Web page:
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A mountain biker jumping on a bike between a race course


A mountain biker jumping on a bike between a race course


The Santa Cruz | SRAM Enduro Team

March 19 — 2019 | Worldwide

This notion of pedal-powered exploration with your mates—disguised as a bike race—is arguably why enduro is so popular. It’s also why Mark ScottIago Garay, and Alex ‘Krunk Shox’ McGuinnis are where they are and do what they do. Now in its sixth year, the Enduro World Series represents the pinnacle of enduro mountain bike racing, pitting the best riders in the world against each other on an ever-changing series of venues. With the 2019 season upon us, we sat down with Mark, Iago, and Krunk Shox to discover more about who they are and what makes them tick.

The Flying Scotsman

Mark’s recently relocated from Edinburgh, where he spent his childhood “building wooden pallet jumps and stupid shit to jump off”, to the Scottish mountain bike mecca that is the Tweed Valley, but this is just the latest step in a path toward professional mountain biking that goes back over 15 years.

From ripping around the trails at Glentress in 2003 to his first year racing in 2005, Mark’s love for the sport was strong, but his results less so. That would all change the following year. “I went from being sixteenth to third in the space of six months” recalls Mark. By 2007, he’d won every downhill series championship in the UK and would leave that year with the Juvenile national champions jersey.

A mountain biker sprinting up a hill
A mountain biker cornering around a tree
Mark Scott eating 3 watermelon slices
2 racers talking

The following year, Mark made his mark on the Junior circuit, winning a Maxxis Cup in Portugal and entering his first World Cup in Maribor, Slovenia. Had there been a World Cup Junior category in those days, he would have climbed his first World Cup podium. In a stacked field, Mark was stoked to qualify and make the final amongst the fastest mountain bikers on the planet.

After two years in the Junior category and still dabbling with school, Mark hit a brick wall when he entered the elite ranks aged 18. “I was privateering hard and not really getting anywhere in the results”, he explains, “I'd been racing for a good eight or nine years at that point—you just you can't really sustain it without proper support.”

The Stylish Spaniard

Madrid’s ancient trails have served its population for generations, from agriculture to recreation. For Iago Garay, his father’s love of the outdoors would introduce him to mountain biking, although it wasn’t love at first sight for Iago. “We used to go on XC rides all the time, but back then, I wasn't really into it. I'd go mostly because my parents made me, until one day somebody told me about this sport which consisted of only going downhill.” It wasn’t long until Iago and his father found an event in Spain with a designated kids DH race. They hit the road and headed north to the ski resort of Pajares for a stop on the prestigious Maxxis Cup.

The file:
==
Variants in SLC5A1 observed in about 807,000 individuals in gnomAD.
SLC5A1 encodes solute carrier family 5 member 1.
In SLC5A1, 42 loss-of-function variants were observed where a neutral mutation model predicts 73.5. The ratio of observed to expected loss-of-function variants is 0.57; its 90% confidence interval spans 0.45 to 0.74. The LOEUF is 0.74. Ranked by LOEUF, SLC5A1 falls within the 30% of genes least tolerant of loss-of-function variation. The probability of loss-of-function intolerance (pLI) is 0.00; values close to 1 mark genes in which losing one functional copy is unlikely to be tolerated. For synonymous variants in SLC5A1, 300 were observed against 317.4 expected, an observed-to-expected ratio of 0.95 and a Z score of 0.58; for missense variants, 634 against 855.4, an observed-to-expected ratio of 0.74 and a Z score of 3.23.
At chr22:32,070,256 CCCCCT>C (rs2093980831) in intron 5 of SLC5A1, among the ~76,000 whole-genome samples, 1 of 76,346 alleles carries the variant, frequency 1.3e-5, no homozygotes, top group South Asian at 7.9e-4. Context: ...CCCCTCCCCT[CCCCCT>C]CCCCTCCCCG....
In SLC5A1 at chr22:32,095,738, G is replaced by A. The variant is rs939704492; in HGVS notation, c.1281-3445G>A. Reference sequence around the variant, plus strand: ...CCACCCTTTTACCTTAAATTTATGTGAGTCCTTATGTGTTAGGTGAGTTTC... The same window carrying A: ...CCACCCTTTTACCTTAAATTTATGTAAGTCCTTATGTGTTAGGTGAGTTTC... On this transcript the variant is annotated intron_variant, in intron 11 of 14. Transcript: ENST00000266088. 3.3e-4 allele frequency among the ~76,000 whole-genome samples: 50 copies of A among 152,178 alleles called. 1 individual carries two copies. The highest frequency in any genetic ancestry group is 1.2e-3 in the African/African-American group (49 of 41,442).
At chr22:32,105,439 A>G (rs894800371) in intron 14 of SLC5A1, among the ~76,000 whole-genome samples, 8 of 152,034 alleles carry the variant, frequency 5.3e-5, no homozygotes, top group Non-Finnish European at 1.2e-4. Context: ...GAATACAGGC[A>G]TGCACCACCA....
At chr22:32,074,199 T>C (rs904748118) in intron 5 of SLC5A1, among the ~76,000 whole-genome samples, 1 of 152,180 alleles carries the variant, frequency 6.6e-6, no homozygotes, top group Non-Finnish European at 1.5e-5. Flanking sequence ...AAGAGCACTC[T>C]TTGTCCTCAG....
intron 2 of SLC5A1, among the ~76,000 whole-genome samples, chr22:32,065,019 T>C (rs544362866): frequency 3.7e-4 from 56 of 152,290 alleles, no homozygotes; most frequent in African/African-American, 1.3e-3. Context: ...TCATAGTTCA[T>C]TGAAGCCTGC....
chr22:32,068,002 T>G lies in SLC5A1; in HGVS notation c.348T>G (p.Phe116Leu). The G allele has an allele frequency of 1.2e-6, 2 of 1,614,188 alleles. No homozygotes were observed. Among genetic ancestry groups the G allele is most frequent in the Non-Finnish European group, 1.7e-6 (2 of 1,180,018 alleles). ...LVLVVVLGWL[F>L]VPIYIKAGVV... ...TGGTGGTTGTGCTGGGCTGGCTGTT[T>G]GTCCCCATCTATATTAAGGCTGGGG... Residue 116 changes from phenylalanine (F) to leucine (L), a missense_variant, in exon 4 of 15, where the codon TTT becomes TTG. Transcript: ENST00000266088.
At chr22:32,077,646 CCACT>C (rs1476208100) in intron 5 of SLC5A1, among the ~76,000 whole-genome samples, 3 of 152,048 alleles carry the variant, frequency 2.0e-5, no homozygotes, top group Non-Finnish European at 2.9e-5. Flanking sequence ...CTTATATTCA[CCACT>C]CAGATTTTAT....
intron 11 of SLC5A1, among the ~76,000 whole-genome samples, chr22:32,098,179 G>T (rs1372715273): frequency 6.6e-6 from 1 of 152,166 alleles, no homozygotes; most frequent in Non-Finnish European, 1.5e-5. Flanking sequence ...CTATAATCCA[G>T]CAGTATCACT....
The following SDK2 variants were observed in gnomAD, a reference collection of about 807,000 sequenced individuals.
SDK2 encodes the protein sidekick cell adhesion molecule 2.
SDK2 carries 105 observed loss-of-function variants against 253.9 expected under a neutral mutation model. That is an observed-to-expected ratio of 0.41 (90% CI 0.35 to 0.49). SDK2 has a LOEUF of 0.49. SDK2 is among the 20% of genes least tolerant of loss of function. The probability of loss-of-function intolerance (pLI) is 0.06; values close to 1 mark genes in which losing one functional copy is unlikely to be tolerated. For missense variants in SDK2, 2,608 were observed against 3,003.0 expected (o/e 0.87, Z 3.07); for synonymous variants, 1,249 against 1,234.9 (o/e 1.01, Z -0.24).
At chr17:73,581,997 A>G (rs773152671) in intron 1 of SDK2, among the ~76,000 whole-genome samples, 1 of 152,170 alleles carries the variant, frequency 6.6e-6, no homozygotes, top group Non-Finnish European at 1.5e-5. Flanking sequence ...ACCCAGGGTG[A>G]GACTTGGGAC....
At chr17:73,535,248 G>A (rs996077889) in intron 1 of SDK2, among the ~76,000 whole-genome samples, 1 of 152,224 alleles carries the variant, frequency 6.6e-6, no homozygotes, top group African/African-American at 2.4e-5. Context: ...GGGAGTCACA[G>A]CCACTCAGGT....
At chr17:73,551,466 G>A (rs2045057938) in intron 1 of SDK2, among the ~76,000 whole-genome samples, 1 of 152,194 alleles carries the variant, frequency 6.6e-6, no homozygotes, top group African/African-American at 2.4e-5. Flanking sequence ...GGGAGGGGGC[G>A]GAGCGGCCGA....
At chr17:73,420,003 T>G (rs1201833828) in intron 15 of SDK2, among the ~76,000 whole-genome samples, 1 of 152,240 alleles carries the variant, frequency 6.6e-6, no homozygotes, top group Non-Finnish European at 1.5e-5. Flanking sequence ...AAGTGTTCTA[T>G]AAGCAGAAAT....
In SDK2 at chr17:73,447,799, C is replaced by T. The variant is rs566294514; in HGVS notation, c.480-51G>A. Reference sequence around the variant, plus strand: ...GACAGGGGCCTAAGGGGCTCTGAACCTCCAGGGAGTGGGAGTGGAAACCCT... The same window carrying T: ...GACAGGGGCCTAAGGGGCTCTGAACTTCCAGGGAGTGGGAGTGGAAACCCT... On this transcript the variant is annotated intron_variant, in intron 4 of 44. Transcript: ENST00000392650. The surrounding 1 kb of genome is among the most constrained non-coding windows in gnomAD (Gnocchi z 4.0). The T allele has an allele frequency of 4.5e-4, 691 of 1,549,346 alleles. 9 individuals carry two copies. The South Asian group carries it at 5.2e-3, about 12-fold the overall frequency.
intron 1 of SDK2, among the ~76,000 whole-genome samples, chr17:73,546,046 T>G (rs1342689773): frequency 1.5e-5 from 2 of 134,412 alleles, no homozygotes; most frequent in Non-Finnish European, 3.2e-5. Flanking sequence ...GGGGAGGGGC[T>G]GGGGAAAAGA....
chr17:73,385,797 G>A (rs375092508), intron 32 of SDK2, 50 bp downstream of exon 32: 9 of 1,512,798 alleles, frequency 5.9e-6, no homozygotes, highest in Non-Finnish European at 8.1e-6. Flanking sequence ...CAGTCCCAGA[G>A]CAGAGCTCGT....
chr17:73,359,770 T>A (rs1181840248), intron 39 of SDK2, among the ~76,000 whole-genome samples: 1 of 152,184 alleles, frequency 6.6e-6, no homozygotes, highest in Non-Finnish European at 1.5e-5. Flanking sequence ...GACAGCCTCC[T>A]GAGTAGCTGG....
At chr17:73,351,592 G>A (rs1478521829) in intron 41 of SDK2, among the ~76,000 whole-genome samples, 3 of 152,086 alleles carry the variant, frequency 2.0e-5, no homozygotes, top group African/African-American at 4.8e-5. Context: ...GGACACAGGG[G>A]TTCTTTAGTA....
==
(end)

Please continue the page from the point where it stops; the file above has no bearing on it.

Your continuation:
“I remember jumping off the chair lift with my little Bianchi 24-inch hardtail and sending it down this gnarly track in the rain” recalls Iago. Crashing five times in his run and eventually rolling across the finish line to an array of bemused onlookers, Iago, aged 11, had just ridden the same track as the elite men. “The kids' track was on this grassy field with about six corners!”

Iago Garay smiling for the camera
A mountain biker jumping off of a roller
one mountain biker posing for the camera while many other hike their bikes up a hill
A crown watching a mountain biker ride on a building wall

Going Full Enduro

The path from downhill racing to enduro is a familiar and well-ridden one, especially for early adopters like Mark and Iago. While Iago’s route came via a a modeling gig, Mark’s push came from the person who’d had his back throughout his downhill racing career: his father.

While at the Val-d’Isère World Cup in 2012, Mark’s dad, witnessing first hand the struggles of privateering at such an elite level, lost it after discovering that the privateer pits were a mile from the main pit area, used by the factory teams. “He was like, “this is bullshit, there's no help for privateers!” recalls Mark. But as fate would have it, there was an alternative close by.

Having packed his brother's trail bike for the trip to France, Mark and his father loaded their Transit van and bounced over the border into Italy. Their destination was Madesimo and a round of the Super Enduro series taking place the same weekend. “It was a big move, packing up and leaving the World Cup like that [because] it's all I've ever wanted to do.” His decision would pay dividends as he finished on the podium that weekend.